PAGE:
Getty Images Launches ThinkStock Microstock Subscription Site


Getty Images has launched a new microstock subscription site called ThinkStock.  The site is built around a subscription model for image buyers and pulls from Getty’s image libraries at Getty Images, iStockphoto and Jupiterimages.  The flat rate subscription of $249/mo or $2499/yr allows users to download up to 25 images per day and 750 images per month on a royalty-free basis.

More details in the press release below. [Read more...]

Dreamstime Debuts Canvas and Poster Formats


Stock photography agency Dreamstime has added canvas and poster formats to its repertoire of products, thus increasing purchasing options for customers and additional revenue sources for contributing photographers.  Prices for poster and canvas prints range between $13 and $80 for a 20″ x 60″ size.

More details in the press release below. [Read more...]

iStockphoto Guarantees All Image, Video and Audio Files Up to $250,000

Yesterday, iStockphoto made an important announcement for designers and photographers. In an attempt to build trust with their customers who purchase royalty-free content, iStockphoto implemented a guarantee that all image, video and audio files purchased on the site will be guaranteed, such that iStock will cover all files for legal costs and damages up to $10,000.

However, purchasers who demand additional peace of mind may purchase greater coverage under the guarantee on a file-by-file basis at a price of 100 iStock credits. The credits vary in price/value depending on the bulk amount in which customers pre-purchase those credits. For example, a package of 12 credits will run $18 or $1.50 per credit; however, a package of 2000 credits will run $1900 or $0.95 per credit. As a result, this “insurance” can run anywhere between $95 and $150 out-of-pocket per file.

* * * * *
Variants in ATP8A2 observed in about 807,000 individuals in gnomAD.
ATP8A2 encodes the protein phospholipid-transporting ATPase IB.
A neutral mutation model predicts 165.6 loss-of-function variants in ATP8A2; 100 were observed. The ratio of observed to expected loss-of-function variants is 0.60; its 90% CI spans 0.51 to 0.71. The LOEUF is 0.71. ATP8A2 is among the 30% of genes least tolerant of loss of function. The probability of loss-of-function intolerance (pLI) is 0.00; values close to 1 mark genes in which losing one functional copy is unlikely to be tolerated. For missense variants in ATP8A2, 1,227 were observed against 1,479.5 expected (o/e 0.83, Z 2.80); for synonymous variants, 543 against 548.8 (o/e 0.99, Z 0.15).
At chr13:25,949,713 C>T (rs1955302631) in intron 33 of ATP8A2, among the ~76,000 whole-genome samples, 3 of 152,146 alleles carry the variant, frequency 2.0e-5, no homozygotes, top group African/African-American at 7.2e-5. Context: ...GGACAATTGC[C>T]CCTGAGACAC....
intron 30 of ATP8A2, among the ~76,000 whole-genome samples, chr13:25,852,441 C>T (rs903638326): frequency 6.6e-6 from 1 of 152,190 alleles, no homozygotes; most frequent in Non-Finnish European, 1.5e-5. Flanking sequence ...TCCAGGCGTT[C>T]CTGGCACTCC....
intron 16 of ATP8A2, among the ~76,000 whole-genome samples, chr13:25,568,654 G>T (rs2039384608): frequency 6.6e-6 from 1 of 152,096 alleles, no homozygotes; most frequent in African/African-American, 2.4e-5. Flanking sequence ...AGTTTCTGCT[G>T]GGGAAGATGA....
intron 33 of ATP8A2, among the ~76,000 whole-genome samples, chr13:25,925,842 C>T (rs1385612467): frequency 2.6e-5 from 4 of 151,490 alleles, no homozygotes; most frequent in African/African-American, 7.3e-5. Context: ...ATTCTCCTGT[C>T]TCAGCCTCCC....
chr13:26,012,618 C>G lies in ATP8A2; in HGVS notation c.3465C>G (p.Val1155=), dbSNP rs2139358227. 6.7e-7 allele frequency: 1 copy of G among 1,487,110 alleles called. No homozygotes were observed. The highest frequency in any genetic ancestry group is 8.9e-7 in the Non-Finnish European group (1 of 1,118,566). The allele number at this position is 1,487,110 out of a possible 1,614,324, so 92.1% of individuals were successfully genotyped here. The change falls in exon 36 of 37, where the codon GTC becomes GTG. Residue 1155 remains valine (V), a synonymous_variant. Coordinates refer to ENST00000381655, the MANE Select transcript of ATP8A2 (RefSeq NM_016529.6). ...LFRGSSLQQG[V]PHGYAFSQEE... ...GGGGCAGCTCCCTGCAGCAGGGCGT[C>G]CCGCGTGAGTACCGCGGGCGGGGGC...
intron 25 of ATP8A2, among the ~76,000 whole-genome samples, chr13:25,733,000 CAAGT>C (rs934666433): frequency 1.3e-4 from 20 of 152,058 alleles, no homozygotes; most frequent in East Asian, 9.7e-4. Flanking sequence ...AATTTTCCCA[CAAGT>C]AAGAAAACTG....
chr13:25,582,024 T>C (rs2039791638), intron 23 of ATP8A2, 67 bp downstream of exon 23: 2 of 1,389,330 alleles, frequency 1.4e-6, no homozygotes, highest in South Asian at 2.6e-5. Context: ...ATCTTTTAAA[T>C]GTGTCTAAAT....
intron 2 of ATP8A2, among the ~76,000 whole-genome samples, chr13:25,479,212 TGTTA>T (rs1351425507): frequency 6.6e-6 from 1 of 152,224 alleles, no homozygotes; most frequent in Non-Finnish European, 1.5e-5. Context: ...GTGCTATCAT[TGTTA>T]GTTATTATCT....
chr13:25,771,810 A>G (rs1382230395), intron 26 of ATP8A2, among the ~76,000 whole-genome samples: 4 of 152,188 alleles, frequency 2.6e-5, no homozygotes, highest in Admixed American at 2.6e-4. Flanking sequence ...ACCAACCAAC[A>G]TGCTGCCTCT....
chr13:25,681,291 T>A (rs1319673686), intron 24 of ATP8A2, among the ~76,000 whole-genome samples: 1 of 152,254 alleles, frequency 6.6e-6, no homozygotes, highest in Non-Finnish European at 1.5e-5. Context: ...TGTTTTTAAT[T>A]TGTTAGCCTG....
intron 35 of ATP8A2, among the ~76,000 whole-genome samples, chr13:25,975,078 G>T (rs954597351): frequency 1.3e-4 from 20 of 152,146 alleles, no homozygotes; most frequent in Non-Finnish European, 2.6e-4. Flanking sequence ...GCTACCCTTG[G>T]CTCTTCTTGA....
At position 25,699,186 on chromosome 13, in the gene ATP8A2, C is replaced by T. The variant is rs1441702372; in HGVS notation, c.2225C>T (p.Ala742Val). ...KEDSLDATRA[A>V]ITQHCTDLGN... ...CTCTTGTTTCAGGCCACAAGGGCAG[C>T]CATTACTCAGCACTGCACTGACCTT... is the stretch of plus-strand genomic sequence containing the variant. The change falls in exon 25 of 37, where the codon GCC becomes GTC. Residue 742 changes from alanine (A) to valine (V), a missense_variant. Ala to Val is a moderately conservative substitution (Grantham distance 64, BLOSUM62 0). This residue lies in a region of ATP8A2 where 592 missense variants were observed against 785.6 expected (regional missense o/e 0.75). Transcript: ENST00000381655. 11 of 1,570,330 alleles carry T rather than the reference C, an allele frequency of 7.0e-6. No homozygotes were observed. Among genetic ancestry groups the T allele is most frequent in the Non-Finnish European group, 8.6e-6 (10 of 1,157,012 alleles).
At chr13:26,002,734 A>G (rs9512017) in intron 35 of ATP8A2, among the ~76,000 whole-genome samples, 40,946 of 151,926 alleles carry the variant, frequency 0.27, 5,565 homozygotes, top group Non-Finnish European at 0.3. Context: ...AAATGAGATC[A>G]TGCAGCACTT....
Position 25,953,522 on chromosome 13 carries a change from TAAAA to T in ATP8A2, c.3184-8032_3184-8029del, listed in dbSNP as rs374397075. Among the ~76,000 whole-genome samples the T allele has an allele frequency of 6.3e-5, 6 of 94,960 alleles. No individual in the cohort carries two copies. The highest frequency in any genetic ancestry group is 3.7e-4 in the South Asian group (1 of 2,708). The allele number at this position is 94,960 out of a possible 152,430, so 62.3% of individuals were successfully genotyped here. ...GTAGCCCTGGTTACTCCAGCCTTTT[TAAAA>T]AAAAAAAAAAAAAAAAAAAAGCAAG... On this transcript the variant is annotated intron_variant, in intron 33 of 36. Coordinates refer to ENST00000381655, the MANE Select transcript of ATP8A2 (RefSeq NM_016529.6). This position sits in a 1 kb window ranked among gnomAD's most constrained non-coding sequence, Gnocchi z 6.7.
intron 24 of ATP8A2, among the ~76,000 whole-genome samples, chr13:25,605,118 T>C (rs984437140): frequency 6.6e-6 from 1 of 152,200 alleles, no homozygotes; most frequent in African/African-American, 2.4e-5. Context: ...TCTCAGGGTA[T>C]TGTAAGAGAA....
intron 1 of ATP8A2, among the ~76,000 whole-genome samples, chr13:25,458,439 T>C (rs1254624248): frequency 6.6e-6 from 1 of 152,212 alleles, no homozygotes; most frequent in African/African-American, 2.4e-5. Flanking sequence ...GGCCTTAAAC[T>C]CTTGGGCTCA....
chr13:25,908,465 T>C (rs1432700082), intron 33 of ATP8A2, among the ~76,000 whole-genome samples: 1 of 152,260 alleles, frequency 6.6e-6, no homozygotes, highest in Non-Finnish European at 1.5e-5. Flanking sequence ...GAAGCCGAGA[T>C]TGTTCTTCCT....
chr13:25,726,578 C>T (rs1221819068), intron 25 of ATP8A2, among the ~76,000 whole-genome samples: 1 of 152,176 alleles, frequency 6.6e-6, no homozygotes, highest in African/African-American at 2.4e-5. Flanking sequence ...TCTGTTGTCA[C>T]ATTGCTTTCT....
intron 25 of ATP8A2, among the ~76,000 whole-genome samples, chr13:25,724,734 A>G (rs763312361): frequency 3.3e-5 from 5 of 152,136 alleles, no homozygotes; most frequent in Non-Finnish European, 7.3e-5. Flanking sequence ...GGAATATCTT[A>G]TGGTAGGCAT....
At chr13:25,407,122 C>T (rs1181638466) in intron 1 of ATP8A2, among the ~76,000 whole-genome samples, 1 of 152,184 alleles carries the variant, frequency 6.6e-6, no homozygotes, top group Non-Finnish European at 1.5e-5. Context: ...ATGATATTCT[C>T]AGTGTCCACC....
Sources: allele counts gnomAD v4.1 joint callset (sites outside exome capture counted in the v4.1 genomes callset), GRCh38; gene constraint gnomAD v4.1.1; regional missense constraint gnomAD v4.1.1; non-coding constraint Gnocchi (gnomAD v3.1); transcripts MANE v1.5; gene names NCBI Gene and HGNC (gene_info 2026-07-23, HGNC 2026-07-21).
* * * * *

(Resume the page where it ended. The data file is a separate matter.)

While that seems like a bit much to pay per file, companies running a national or global campaign probably wouldn’t mind a little more peace of mind. Just ask Virgin Mobile.  Designers working on or quoting these major campaigns should probably think about which ones to build this into their budgets or quotes.  When you think about the scale, it sounds like a pretty good deal on insurance.

What does it mean for photographers?  iStock has a history of being sticklers on trademark and copyright elements in submitted photos, as well as obtaining appropriate model releases.  iStock does a good job of covering its butt (and photographers’ butts too) when evaluating submitted files.  If a file is questionable as to whether there is a copyrightable or trademark element within, the safe thing to do is reject it.  While iStock uses a fine tooth comb in reviewing files, iStock is not your momma or your lawyer.  When submitting files to iStock, the artist makes some heavy representations and warranties as to his or her authority to submit the files for commercial use.

If iStock gets called on the carpet for a file, you can bet your $1.06 commission that iStock will be dragging the photographer along with them.  Just a little reminder to conduct your own, personal inspection of files for potentially troubling elements before clicking submit.

With the scary part out there now, I think this move by iStock can increase the marketability and visibility of stock photography as a valuable resource for bigger customers.

More reading on this topic from John Harrington and Thomas Hawk.

Also see the news release below. [Read more...]